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County sued over custody death

By LOYD COOK/Corsicana Daily Sun Staff

Corsicana, Texas --- October 28, 2004 --- A father whose son died while in law enforcement custody filed a civil lawsuit Wednesday against the City of Corsicana, Navarro County, law enforcement agencies for both and several officers and deputies in connection with the 2003 death.

Jorge Sifuentes, father of Jesus Sifuentes Martinez, filed the lawsuit in the U.S. District Court of the Northern District of Texas, Dallas Division.

The suit alleges "a decades-old pattern of civil rights violations against Latinos and other minorities," according a press release issued by a public relations firm for the plaintiff.

"For too long, the City of Corsicana and Navarro County have ignored how their law enforcement agents treat and handle prisoners -- especially the county's growing Hispanic population," said Domingo Garcia, co-counsel on the case for the law firm Miller Weisbrod, LLP. "This lawsuit will serve notice that business as usual will no longer be tolerated. The city and county need real reform to avoid another tragedy."

In the early morning hours of April, 12, 2003, the Corsicana Police Department responded to a call of a man laying unconscious in a yard in the 400 block of South 23rd Street.

The lawsuit alleges that the city's emergency medical service "reported in its run sheet that the Corsicana Police prevented EMS personnel from examining Martinez, taking vital signs or rendering any medical care."

But in an April 15, 2003 article about the incident, Corsicana Police Chief G.M. Cox said that Martinez was examined by EMS personnel at the scene and said Martinez was in satisfactory condition to be taken to jail and that he was arrested for public intoxication.

In the same article Cox called on the public for any information regarding a party Martinez reportedly attended on Friday night, April 11, a few hours before Martinez was arrested. He also said that the department had already interviewed 10 people and taken four statements and was treating the case as a homicide.

An autopsy by the Dallas County Medical Examiner revealed that Martinez died of "blunt force injuries," consisting of bowel perforation, liver lacerations, rib fractures and a cerebral contusion.

A spokesperson for the Corsicana Police Department said Wednesday that Chief Cox had not seen the lawsuit and would not comment.

City Attorney Terry Jacobsen said he also couldn't comment on the lawsuit without first examining it but does not believe the City has any liability in the case.

Other civil cases in the past have gone to the Texas Municipal League where cities in the region participate in an insurance risk pool. In those cases, an attorney representing the insurance risk pool would be the main counsel in the case -- after the lawsuit is officially served on a designated representative or representatives of the named city.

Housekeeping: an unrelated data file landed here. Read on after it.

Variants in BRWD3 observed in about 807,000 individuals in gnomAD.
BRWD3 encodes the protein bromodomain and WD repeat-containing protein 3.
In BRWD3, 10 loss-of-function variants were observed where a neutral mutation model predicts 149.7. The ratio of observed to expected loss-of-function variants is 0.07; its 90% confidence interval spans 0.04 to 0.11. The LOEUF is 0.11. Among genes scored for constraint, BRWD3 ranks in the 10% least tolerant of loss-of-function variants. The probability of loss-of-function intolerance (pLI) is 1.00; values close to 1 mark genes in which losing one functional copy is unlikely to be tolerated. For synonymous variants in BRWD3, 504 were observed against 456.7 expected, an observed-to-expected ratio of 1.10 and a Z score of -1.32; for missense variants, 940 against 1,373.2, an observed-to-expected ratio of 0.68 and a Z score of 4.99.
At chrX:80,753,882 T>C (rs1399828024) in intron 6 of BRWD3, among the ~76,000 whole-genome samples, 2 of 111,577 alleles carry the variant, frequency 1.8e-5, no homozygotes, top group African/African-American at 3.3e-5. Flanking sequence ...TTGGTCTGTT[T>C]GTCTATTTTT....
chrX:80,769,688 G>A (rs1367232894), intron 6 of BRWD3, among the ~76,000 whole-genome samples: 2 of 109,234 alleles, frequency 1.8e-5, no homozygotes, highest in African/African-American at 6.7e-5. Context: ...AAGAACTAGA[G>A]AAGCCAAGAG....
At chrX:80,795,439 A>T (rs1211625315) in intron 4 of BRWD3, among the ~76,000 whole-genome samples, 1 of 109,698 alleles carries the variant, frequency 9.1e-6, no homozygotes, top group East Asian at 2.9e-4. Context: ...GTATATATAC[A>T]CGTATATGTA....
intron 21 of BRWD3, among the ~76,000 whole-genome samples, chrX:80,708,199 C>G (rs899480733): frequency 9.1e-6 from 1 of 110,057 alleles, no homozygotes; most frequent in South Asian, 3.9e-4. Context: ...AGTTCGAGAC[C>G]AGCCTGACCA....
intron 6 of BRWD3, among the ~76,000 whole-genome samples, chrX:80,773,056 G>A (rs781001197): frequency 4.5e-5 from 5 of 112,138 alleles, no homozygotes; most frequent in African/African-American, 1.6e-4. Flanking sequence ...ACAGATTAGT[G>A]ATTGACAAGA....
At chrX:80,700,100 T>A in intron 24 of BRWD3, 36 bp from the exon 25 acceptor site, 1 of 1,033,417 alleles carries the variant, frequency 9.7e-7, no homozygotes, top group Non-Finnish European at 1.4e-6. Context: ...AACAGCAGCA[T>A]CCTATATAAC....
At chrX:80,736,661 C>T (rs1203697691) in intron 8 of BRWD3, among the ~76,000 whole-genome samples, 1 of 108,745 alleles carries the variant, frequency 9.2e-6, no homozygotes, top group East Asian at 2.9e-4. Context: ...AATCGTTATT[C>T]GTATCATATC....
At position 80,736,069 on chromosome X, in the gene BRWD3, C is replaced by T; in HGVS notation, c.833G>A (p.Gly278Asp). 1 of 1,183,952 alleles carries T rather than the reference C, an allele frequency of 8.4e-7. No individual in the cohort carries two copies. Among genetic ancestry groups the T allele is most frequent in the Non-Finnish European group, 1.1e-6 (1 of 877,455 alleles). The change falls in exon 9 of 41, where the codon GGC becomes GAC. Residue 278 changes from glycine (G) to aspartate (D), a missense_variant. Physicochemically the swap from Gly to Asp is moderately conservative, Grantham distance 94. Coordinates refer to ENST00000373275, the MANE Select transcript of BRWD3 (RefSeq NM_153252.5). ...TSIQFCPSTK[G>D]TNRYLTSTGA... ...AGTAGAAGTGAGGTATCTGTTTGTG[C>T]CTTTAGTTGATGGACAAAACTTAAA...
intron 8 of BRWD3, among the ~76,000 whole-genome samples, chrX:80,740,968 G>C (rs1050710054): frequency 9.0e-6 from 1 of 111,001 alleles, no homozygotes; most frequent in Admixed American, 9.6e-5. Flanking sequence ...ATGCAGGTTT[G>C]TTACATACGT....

The lawsuit alleges that Martinez complained of stomach pains several times during that Saturday in April last year while he was in the Navarro County Justice Center Jail. Speaking only Spanish, the lawsuit states that bilingual cell mates "implored jailers to get him medical attention," but not until 7:10 a.m. the following day did an officer enter his cell.

The filing alleges that the officer "still withheld medical care with deliberate indifference," and that Martinez died 25 minutes later, at 7:35 a.m. on April 13, 2003.

"This case is an absolute outrage," said Spencer Markle, a partner in the law firm representing Martinez's father. "The arresting officers and jailers exhibited callous and conscious indifference to Jesus Sifuentes' serious medical condition.... An innocent man is dead because of their neglect."

Navarro County Sheriff Les Cotten also refused comment Wednesday, saying he had not yet been served with the lawsuit.

Bob Bass, a partner in the law firm Allison & Bass, the county's legal counsel, said he has been monitoring the case for some time.

"Obviously, we're familiar with the facts and we're comfortable that the county is not going to be liable for any damages in this case," Bass said.

He said there is a two-year statute of limitations on filing such lawsuits -- a deadline set to run out next April.

"Any time there's a death case you almost expect someone to file a lawsuit," Bass said.

In alleging the "decades-old pattern of civil rights violations," the lawsuit lists the June 26, 1993 death in custody of Craig Thomas, a black man, and the June 1, 2003 death in custody of Gilberto Hernandez.

It also lists the jail suicide of capital murder defendant Michael Zoch as an example of an inmate not receiving medical care, in his case for mental health, and for lack of adequate supervision.

Loyd Cook may be contacted via e-mail at